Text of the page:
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In a week shortened by strategic planning retreats for the House and Senate GOP, the Senate managed to kick off a debate on Keystone XL and energy policy. The Senate cast just one vote last week, which was to begin amendment debate of the KXL bill. Needing 60 to advance, they achieved a vote of 63-32. The House took up a number of regulatory reform bills, which ASA supported. One bill, H.R. 185, would address federal agency rulemaking by requiring agencies, when making a rule, to base all preliminary and final factual determinations on evidence, to consider the legal authority under which the rule may be proposed, to address the specific nature and significance of the problem the agency may address with the rule. In addition, agencies would be required to publish advance notice of proposed rulemaking in the Federal Register for major rules and for high-impact rules (rules having an annual cost on the economy of $100 million or $1 billion or more. The House also passed (FY 2015) appropriations for the Department of Homeland Security; the bill provides $39.7 billion in discretionary funding for DHS, an increase of $400 million compared to the fiscal year 2014 enacted level.
The Senate begins the challenging task of debating amendments to the energy bill. One of the key differences between the House and Senate is that germaneness rules rarely apply in the Senate, meaning that just about any item related to energy has a possibility of being debated. It is up to new Energy and Natural Resources Chairman Lisa Murkowski, R-Alaska, and her new counterpart Maria Cantwell, D-Wash., to effectively determine which amendments will and will not get floor time in the coming days. The House is scheduled to take up legislation that would coincide with the 42nd anniversary of Roe v. Wade on Thursday; the legislation would outlaw terminating a pregnancy after 20 weeks. In addition, the House is also set to approve a bill that would speed up approval of pipeline permitting.
Item of Interest
The president is set to deliver his annual State of the Union address on Tuesday evening. In an attempt to kick off the conversation for the week, the White House has released its latest proposal for tax reform. It contains a proposal to switch from stepped-up basis to carryover basis for gifts and bequests. Additionally, the proposal calls for increasing the capital gains rate to 28 percent. One item that it does not address, although may still be under threat, is further rolls backs to the estate tax. As members of the Family Business Estate Tax Coalition, we are watching closely how this could impact multi-generation businesses. The FBETC has long championed a tax code that maintains stepped-up basis is one of the keys in the estate tax debate. Switching over to carryover basis would result in a very large capital gains tax increase, which we would oppose.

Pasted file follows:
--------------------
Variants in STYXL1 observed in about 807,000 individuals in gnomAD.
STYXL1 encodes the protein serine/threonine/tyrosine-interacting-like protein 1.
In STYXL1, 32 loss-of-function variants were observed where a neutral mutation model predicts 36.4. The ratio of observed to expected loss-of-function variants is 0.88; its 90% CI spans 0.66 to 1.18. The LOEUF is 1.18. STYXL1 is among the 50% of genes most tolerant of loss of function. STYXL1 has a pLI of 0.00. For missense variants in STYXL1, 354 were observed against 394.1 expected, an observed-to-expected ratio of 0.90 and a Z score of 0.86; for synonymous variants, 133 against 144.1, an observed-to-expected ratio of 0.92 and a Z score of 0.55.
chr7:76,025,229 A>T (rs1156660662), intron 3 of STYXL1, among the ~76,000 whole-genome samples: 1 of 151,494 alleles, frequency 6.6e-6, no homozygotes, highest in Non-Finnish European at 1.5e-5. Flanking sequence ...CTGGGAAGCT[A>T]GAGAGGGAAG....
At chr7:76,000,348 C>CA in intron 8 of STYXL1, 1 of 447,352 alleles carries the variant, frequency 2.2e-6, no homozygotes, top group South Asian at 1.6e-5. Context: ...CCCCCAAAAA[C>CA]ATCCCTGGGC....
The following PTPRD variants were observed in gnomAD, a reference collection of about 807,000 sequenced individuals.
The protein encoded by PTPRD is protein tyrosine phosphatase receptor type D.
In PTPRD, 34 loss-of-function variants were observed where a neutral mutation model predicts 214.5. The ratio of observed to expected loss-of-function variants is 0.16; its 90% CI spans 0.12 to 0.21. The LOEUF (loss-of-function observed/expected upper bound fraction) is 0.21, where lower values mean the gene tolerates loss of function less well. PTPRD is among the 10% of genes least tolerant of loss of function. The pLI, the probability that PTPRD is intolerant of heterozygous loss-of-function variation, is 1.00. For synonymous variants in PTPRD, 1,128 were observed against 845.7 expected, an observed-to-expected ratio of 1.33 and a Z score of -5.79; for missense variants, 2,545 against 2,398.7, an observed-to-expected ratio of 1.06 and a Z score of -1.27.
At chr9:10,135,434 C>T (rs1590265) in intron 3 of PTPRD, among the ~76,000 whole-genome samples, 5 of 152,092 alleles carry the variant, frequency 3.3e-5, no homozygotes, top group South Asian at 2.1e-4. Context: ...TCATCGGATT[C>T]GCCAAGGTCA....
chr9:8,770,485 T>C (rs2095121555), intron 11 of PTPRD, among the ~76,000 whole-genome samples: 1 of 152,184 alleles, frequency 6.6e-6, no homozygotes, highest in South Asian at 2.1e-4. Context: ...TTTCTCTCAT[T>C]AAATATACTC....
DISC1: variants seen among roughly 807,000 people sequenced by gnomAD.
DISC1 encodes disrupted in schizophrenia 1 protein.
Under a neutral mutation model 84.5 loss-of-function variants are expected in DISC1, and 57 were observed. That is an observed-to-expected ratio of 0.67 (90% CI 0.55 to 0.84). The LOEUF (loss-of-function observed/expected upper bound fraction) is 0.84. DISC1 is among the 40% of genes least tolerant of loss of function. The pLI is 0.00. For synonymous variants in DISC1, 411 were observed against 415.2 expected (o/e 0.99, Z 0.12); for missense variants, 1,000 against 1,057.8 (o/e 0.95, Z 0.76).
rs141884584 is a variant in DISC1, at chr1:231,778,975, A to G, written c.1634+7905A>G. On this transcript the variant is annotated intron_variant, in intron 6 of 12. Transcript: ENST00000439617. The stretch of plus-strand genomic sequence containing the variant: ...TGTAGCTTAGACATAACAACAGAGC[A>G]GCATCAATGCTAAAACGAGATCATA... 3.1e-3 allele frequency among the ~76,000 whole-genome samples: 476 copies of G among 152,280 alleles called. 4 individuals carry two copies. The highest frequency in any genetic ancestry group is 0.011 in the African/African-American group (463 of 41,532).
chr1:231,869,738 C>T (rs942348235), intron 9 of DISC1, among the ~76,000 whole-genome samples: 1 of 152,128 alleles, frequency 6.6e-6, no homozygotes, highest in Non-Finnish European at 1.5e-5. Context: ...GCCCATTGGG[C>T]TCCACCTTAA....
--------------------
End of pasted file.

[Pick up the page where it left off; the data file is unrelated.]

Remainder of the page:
For example: If a piece of land bought in 1982 for $200,000, it would have a basis of $200,000 at that time. If the landowner willed the property to her child and died in 2012, the value of the property at her death was $900,000. The stepped-up basis for the new owner would be $900,000. If the child then sold the land for $900,000, no capital gains taxes would be due because there was no increase in basis. (If the land were sold for $1 million, capital gains taxes would be due on $100,000, the amount of basis increase while owned by the child.)
Director of Government Affairs
American Supply Association
1875 Eye Street, NW
Washington, DC 20006
(703) 328-5234 · firstname.lastname@example.org ·
ASA Legislative Fly-in | April 14-15
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Gasoline Tax Increase Not Gaining Momentum
Transportation planners spend their lives analyzing it and trying to devise ways to relieve it.
Especially with lots of transportation wonks in Washington this week for the 94th annual meeting of the Transportation Research Board, there was much expert discussion about congestion on the highways, in cities and at seaports.
Biz Hears 2016 Undertones in Obama SOTU
State of the Union or 2016 stump speech? That's what Washington's financial regulatory watchers are wondering as they review the tax policy plan President Barack Obama will formally unveil Tuesday during his State of the Union address. While Obama won't be on the ballot in 2016, his policy proposal comes at a time the Democratic Party is weighing how to handle a new GOP-controlled Congress and in which direction — left or center — to take the party heading into the new election cycle.
Could Keystone Poison the Senate's Energy Plans?
Could the fight over Keystone be the end of the line for energy legislation this Congress?
The Senate Energy and Natural Resources panel's new Chairwoman Lisa Murkowski is already laying out an ambitious agenda to try to open new areas for oil and gas exploration, buttress the power grid and implement new energy-efficiency policies.
How will Obama Speak to a Hostile Congress?
President Barack Obama has to make a choice in his State of the Union address. When he strides to the Speaker's Rostrum on Tuesday night and, for the first time in his presidency, faces a Congress under the complete control of his opponents, he must choose either defiance and denial or compromise and conciliation. And the country watching will know within minutes what tone he wants to set.
Dan Hilton, Director of Government Affairs, 703.328.5234
Bianca Gibson, Executive Editor, MultiView, 469.420.2611
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